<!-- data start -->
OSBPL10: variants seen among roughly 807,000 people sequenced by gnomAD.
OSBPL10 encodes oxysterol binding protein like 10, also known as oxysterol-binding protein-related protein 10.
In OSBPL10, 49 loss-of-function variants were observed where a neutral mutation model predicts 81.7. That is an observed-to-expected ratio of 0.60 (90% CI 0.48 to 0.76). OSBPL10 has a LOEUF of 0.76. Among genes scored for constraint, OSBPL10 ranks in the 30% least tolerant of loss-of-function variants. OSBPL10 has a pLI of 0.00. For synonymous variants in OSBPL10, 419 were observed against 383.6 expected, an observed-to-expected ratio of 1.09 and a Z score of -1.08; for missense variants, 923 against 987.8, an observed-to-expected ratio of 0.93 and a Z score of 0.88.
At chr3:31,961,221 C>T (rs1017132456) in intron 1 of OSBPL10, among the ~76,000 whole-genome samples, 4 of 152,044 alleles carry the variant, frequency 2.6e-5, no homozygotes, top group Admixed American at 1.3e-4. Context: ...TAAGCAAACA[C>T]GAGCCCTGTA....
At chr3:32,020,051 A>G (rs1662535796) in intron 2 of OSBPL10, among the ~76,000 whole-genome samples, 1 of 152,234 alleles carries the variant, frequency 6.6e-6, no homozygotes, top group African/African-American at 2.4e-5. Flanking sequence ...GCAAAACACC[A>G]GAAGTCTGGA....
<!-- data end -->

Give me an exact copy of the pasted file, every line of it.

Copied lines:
OSBPL10: variants seen among roughly 807,000 people sequenced by gnomAD.
OSBPL10 encodes oxysterol binding protein like 10, also known as oxysterol-binding protein-related protein 10.
In OSBPL10, 49 loss-of-function variants were observed where a neutral mutation model predicts 81.7. That is an observed-to-expected ratio of 0.60 (90% CI 0.48 to 0.76). OSBPL10 has a LOEUF of 0.76. Among genes scored for constraint, OSBPL10 ranks in the 30% least tolerant of loss-of-function variants. OSBPL10 has a pLI of 0.00. For synonymous variants in OSBPL10, 419 were observed against 383.6 expected, an observed-to-expected ratio of 1.09 and a Z score of -1.08; for missense variants, 923 against 987.8, an observed-to-expected ratio of 0.93 and a Z score of 0.88.
At chr3:31,961,221 C>T (rs1017132456) in intron 1 of OSBPL10, among the ~76,000 whole-genome samples, 4 of 152,044 alleles carry the variant, frequency 2.6e-5, no homozygotes, top group Admixed American at 1.3e-4. Context: ...TAAGCAAACA[C>T]GAGCCCTGTA....
At chr3:32,020,051 A>G (rs1662535796) in intron 2 of OSBPL10, among the ~76,000 whole-genome samples, 1 of 152,234 alleles carries the variant, frequency 6.6e-6, no homozygotes, top group African/African-American at 2.4e-5. Flanking sequence ...GCAAAACACC[A>G]GAAGTCTGGA....